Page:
Every person who creates, including the world of art, achieves something of great satisfaction by trying, testing, rethinking, recomposing, and stretching ourselves beyond the first glance. Both artists and writers face the dreaded blank page, canvas, sketch pad.
Any artistic subject matter that wants to be released from our brushes, a landscape for instance, carries with it a first impression or idea. A landscape conveys material elements and that’s typically the first idea. With that first idea the expected, the known, and the stereotypical thoughts appear. When the artist recognizes this he usually steps back to reconsider the composition, then perhaps the style and the texture, color and so on. Often we become bogged down in this process and undervalue or overlook the purpose of the painting in the first place.
Van Gogh had much to say about his Starry Night painting; in a letter to his brother he referred to “exaggerations in terms of composition.” Another comment, “I should not be surprised if you liked the Starry Night and the Ploughed Fields, there is a greater quiet about them than in the other canvases.”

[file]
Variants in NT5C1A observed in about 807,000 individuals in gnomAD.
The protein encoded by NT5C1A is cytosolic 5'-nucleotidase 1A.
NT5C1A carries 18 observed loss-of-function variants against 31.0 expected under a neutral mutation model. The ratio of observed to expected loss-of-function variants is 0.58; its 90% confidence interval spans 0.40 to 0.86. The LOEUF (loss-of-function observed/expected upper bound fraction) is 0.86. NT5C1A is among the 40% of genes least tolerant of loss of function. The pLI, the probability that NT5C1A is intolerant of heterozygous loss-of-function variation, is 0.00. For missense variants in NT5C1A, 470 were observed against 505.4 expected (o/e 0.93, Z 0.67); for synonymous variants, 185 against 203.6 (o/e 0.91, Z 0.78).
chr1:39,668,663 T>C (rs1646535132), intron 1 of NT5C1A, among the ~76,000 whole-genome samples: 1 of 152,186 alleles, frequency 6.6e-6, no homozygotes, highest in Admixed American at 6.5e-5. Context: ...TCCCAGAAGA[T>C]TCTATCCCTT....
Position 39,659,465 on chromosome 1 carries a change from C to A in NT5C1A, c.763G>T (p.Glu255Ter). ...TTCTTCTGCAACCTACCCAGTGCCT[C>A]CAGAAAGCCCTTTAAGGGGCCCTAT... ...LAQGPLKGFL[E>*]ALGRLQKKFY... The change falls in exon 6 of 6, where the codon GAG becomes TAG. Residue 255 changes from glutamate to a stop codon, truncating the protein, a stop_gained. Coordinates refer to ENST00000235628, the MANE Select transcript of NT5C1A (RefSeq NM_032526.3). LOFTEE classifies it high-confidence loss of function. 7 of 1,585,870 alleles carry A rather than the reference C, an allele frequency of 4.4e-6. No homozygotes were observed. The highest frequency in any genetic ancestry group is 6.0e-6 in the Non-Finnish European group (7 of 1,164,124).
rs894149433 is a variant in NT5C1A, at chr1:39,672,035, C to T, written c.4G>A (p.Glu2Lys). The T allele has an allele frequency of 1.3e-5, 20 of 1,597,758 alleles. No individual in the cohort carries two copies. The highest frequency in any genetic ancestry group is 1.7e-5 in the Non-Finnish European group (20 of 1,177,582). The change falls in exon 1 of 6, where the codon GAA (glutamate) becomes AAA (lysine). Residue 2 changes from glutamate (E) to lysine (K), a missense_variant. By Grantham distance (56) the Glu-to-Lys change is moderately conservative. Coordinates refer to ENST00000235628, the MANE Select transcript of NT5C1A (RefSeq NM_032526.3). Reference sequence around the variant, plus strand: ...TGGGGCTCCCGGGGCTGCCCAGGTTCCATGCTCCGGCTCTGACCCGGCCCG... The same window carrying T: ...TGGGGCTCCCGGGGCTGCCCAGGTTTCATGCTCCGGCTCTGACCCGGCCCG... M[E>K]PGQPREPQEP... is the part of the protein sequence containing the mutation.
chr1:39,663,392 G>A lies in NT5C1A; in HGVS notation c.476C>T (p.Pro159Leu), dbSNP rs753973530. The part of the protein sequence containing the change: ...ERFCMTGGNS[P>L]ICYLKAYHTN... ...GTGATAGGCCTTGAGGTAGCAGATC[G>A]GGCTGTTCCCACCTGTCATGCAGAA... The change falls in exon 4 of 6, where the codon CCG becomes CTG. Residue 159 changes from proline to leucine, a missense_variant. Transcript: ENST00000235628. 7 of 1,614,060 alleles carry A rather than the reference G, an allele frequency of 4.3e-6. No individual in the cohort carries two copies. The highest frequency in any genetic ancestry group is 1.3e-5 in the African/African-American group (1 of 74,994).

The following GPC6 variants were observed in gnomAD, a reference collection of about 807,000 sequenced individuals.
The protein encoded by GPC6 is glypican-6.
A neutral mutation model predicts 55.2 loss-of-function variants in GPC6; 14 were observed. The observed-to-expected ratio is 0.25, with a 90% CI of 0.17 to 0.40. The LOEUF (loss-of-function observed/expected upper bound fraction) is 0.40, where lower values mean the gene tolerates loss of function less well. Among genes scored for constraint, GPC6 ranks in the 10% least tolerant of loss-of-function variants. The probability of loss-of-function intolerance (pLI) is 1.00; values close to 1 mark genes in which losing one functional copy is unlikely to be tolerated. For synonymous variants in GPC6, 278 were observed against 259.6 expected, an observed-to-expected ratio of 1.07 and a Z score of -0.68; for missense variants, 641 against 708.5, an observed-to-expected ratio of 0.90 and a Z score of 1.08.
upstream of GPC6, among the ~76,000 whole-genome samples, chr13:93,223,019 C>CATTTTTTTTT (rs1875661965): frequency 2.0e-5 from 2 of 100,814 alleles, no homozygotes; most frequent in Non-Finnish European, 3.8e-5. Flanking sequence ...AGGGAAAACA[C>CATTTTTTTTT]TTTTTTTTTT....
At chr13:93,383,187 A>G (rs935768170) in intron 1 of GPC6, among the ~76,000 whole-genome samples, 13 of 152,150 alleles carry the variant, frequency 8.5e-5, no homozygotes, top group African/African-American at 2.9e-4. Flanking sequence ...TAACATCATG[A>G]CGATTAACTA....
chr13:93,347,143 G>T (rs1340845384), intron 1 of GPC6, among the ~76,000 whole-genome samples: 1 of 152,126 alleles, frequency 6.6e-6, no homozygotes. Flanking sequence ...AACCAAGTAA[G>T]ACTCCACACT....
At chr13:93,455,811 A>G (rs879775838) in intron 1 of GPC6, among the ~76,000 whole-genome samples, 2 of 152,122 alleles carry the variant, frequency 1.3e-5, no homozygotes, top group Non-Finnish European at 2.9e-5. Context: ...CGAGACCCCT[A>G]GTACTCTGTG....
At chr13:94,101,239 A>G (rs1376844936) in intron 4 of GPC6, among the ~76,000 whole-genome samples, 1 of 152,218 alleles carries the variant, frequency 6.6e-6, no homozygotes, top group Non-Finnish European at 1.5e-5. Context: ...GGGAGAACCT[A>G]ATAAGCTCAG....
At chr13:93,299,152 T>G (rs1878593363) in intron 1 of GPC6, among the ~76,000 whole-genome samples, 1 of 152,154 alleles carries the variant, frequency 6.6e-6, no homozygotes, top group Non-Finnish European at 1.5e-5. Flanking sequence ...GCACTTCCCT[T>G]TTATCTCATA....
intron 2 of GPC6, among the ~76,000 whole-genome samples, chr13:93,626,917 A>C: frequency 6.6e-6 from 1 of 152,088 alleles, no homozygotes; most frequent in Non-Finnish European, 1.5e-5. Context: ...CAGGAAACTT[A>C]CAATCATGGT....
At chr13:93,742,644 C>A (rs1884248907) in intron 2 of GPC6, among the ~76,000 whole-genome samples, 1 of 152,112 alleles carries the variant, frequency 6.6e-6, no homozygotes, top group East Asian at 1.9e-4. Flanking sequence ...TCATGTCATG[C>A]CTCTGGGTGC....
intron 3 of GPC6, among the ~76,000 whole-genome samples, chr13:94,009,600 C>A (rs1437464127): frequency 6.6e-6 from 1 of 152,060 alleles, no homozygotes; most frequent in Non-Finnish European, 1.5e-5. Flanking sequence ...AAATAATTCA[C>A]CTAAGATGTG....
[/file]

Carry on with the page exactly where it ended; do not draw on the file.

When I was attending the Paier College of Art, I had several unique professors. One of them would make us draw a particular object dozens and dozens of times until we broke out of seeing the object and finally seeing what we wanted to convey by drawing it. He did the same with painting. He would take out brushes and hand out sticks and combs and sponges (and make right-handed students paint with their left hand and vise-versa, which forced the tightness and expected out of us.
What this did, in my opinion, was to shift us from the insecurity of painting to a confidence in our ideas. The great work rarely arrived in the first ideas. Keep in mind this is a blog post not a lesson. Nor do I wish to tutor artists and creative people. I’m simply sharing something I experienced that has continued to serve me well in my career.
Think about it, using caution with that first idea may keep you from striking the golden concept waiting to be discovered. Oh, I should mention, I not referring here to art and artists alone. This theme of first impressions applies to your work, relationships, your church, your everything. Make the comparisons yourself. It’s very much like creating a work of art, but not necessarily on canvas. In most cases, not all, the first idea is the starting line to push off against. The better the footing, the faster the take off. Most races as in life, are won with a strong starting line push.